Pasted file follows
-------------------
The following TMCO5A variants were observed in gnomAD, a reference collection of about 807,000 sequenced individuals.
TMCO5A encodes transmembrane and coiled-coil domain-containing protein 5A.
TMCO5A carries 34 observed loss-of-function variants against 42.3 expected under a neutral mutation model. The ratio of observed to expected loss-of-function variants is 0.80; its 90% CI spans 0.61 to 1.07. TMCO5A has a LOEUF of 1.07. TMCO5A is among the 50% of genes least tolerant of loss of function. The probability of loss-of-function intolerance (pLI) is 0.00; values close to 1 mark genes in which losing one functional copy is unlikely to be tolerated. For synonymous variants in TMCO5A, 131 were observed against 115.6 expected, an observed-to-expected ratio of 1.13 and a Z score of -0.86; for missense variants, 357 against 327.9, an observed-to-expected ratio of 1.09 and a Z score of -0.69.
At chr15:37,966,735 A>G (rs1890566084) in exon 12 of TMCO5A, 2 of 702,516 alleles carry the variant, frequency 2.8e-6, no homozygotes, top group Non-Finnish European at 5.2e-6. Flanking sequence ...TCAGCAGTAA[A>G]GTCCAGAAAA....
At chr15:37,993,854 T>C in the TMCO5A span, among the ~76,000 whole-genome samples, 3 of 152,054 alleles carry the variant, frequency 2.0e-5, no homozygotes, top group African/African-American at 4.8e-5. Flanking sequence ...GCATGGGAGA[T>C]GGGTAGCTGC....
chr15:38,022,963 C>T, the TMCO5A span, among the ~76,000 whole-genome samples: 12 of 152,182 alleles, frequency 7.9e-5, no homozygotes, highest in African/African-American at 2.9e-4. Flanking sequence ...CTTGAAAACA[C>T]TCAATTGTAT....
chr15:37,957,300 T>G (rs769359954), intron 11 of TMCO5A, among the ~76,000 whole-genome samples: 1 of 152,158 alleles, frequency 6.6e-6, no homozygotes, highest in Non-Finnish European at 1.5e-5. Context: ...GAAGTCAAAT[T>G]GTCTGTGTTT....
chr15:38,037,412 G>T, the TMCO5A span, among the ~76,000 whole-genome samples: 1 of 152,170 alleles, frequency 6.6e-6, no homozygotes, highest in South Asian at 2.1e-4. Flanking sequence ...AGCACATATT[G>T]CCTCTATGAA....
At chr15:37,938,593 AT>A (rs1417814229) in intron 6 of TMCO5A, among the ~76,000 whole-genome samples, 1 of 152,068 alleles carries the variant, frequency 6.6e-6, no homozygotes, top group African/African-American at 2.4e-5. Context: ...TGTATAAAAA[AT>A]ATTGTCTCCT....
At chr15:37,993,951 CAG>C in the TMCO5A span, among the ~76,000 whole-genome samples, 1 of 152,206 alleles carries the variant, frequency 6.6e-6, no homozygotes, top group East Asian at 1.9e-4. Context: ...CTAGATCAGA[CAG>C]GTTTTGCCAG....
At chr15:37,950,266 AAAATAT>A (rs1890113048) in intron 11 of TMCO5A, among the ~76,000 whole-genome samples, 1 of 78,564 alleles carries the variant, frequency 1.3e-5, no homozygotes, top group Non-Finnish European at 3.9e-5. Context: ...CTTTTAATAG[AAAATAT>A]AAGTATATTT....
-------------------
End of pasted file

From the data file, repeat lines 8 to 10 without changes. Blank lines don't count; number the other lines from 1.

chr15:38,037,412 G>T, the TMCO5A span, among the ~76,000 whole-genome samples: 1 of 152,170 alleles, frequency 6.6e-6, no homozygotes, highest in South Asian at 2.1e-4. Flanking sequence ...AGCACATATT[G>T]CCTCTATGAA....
At chr15:37,938,593 AT>A (rs1417814229) in intron 6 of TMCO5A, among the ~76,000 whole-genome samples, 1 of 152,068 alleles carries the variant, frequency 6.6e-6, no homozygotes, top group African/African-American at 2.4e-5. Context: ...TGTATAAAAA[AT>A]ATTGTCTCCT....
At chr15:37,993,951 CAG>C in the TMCO5A span, among the ~76,000 whole-genome samples, 1 of 152,206 alleles carries the variant, frequency 6.6e-6, no homozygotes, top group East Asian at 1.9e-4. Context: ...CTAGATCAGA[CAG>C]GTTTTGCCAG....